The second part is that different provinces manage inter- and intra-provincial transportation differently. Quebec, for example, does not differentiate inter- and intra-provincial transportation. There is only one rule in Quebec. It applies to all commercial vehicles driving on its roads, regardless of whether they are engaged in inter- or intra-provincial transportation. On the other end, Alberta has one set of rules for inter-provincial transportation and a different set of rules for intra-provincial transportation.

          In conclusion, we can’t give you a definite answer. The only way you would not need an ELD is if your carrier is engaged in intra-provincial transportation in a province, and that province has a set of rules for intra-provincial transportation that does not require an ELD. In all other cases, you would need an ELD.

        • Mike May 27, 2021 at 9:47 am - Reply

          I have 14 trucks that are plated as farm vehicles…..so essentially they are like a tractor….our trucks haul only our produce therefore do not need to be commercially plated or insured like other trucking g companies….now will I have to Install electronic logs in my trucks?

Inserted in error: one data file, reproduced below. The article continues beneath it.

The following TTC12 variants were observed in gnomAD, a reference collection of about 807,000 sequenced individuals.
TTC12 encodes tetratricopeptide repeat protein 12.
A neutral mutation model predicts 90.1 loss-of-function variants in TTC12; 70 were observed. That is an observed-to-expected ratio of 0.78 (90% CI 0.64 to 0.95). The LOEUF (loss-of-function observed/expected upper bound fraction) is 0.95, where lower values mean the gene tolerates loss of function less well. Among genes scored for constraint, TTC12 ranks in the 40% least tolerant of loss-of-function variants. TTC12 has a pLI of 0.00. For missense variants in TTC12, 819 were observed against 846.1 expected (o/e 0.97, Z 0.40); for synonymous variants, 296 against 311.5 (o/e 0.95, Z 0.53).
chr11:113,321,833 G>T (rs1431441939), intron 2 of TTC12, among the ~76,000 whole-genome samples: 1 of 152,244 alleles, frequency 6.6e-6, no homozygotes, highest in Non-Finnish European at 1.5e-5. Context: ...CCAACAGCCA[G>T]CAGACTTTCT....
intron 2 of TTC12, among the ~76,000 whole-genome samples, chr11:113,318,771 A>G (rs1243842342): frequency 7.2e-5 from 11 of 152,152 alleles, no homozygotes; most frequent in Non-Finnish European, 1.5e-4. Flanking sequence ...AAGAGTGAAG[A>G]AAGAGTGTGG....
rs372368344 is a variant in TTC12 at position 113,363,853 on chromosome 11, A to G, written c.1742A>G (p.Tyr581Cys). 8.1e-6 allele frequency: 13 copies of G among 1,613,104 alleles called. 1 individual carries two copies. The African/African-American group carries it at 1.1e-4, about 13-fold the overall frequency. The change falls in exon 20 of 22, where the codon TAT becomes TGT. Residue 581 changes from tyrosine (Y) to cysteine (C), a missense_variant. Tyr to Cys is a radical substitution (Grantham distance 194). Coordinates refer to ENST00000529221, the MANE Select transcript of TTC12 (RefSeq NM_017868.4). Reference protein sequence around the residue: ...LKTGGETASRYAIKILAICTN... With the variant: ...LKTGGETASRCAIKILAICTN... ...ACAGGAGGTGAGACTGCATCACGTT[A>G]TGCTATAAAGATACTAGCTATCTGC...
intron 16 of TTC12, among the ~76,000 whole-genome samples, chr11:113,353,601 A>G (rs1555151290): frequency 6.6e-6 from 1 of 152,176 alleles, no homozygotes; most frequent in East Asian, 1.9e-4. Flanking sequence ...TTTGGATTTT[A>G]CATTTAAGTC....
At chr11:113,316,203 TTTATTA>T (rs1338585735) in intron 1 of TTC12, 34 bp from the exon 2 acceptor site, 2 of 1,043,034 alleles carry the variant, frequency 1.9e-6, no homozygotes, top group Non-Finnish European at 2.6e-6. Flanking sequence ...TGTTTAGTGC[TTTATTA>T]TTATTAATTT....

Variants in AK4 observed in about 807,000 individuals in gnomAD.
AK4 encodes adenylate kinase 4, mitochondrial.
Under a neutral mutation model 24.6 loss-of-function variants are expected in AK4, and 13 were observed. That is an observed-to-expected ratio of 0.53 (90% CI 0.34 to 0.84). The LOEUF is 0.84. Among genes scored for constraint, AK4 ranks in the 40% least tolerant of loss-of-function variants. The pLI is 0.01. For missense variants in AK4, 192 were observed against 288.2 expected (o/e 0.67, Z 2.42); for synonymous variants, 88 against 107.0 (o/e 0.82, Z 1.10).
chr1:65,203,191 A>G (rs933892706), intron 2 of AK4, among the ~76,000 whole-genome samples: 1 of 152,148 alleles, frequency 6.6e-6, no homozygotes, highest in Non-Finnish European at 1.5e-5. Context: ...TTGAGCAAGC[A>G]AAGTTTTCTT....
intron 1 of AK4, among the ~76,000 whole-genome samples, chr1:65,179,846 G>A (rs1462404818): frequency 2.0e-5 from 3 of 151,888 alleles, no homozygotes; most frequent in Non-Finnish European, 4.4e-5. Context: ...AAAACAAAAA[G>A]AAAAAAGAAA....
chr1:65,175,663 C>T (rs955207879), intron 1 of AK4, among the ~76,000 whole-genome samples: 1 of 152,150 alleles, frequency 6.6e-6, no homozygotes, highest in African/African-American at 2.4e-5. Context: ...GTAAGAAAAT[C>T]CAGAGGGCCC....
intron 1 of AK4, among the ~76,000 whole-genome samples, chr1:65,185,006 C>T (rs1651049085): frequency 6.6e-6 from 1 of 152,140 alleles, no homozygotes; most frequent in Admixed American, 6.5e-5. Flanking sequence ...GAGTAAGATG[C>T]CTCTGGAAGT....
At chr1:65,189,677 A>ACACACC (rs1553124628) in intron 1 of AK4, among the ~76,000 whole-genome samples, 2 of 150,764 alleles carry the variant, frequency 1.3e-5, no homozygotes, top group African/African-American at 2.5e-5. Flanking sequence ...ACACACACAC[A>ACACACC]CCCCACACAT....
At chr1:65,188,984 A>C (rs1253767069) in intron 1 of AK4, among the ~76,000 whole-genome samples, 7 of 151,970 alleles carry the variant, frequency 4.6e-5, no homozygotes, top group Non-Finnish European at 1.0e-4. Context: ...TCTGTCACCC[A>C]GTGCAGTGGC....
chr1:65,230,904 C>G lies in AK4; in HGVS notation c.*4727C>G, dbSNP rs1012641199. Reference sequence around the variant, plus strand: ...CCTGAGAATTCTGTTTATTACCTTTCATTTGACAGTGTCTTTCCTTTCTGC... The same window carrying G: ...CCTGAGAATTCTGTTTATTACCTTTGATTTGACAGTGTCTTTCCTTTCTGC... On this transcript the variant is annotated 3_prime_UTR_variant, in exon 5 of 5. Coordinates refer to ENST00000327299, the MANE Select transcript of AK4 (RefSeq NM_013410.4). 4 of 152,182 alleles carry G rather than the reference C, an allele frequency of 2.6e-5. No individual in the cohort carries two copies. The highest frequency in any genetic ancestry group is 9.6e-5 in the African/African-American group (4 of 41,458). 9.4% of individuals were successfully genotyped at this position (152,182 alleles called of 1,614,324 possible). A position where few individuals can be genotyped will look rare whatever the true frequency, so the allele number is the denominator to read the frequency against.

• ISAAC Instruments May 27, 2021 at 4:24 pm

            Hi Mike,

            There are four (4) exceptions allowing a vehicle not to be equipped with a compliant ELD.

            A motor carrier shall ensure that each commercial vehicle that it operates is equipped with an ELD that meets the requirements of the Technical Standard, and shall ensure that it is mounted in a fixed position during the operation of the commercial vehicle and is visible to the driver when the driver is in the normal driving position, except for commercial vehicles that are:

            – operated by a motor carrier under a permit: this is meant for specific permits issued by Federal, Provincial or Territorial authorities;